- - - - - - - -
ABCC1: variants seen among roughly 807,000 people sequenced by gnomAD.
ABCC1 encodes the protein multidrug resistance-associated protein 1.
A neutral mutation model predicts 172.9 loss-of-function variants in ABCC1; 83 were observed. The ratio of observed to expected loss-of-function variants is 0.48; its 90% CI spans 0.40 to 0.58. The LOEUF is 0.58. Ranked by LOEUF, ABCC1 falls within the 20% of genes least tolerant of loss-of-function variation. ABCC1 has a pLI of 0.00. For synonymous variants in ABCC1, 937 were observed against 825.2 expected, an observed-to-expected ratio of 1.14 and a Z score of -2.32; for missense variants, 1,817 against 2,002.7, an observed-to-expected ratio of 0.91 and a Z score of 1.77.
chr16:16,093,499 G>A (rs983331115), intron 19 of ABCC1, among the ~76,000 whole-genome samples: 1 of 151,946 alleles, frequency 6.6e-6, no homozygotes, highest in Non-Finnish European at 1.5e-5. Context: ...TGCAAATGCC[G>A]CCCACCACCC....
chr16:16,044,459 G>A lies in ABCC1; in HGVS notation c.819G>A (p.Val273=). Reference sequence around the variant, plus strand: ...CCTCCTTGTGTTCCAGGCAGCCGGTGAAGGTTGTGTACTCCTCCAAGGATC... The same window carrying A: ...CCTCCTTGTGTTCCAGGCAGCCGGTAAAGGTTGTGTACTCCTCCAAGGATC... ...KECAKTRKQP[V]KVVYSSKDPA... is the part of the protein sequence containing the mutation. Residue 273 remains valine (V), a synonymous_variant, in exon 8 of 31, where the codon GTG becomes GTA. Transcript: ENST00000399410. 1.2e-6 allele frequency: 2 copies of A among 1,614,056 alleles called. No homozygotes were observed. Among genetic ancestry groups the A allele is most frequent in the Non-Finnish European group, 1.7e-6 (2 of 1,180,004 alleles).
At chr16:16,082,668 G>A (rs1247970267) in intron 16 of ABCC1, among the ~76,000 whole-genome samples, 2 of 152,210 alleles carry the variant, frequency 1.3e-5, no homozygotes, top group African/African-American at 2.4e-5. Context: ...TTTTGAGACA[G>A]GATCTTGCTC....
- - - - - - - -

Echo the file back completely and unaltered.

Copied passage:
ABCC1: variants seen among roughly 807,000 people sequenced by gnomAD.
ABCC1 encodes the protein multidrug resistance-associated protein 1.
A neutral mutation model predicts 172.9 loss-of-function variants in ABCC1; 83 were observed. The ratio of observed to expected loss-of-function variants is 0.48; its 90% CI spans 0.40 to 0.58. The LOEUF is 0.58. Ranked by LOEUF, ABCC1 falls within the 20% of genes least tolerant of loss-of-function variation. ABCC1 has a pLI of 0.00. For synonymous variants in ABCC1, 937 were observed against 825.2 expected, an observed-to-expected ratio of 1.14 and a Z score of -2.32; for missense variants, 1,817 against 2,002.7, an observed-to-expected ratio of 0.91 and a Z score of 1.77.
chr16:16,093,499 G>A (rs983331115), intron 19 of ABCC1, among the ~76,000 whole-genome samples: 1 of 151,946 alleles, frequency 6.6e-6, no homozygotes, highest in Non-Finnish European at 1.5e-5. Context: ...TGCAAATGCC[G>A]CCCACCACCC....
chr16:16,044,459 G>A lies in ABCC1; in HGVS notation c.819G>A (p.Val273=). Reference sequence around the variant, plus strand: ...CCTCCTTGTGTTCCAGGCAGCCGGTGAAGGTTGTGTACTCCTCCAAGGATC... The same window carrying A: ...CCTCCTTGTGTTCCAGGCAGCCGGTAAAGGTTGTGTACTCCTCCAAGGATC... ...KECAKTRKQP[V]KVVYSSKDPA... is the part of the protein sequence containing the mutation. Residue 273 remains valine (V), a synonymous_variant, in exon 8 of 31, where the codon GTG becomes GTA. Transcript: ENST00000399410. 1.2e-6 allele frequency: 2 copies of A among 1,614,056 alleles called. No homozygotes were observed. Among genetic ancestry groups the A allele is most frequent in the Non-Finnish European group, 1.7e-6 (2 of 1,180,004 alleles).
At chr16:16,082,668 G>A (rs1247970267) in intron 16 of ABCC1, among the ~76,000 whole-genome samples, 2 of 152,210 alleles carry the variant, frequency 1.3e-5, no homozygotes, top group African/African-American at 2.4e-5. Context: ...TTTTGAGACA[G>A]GATCTTGCTC....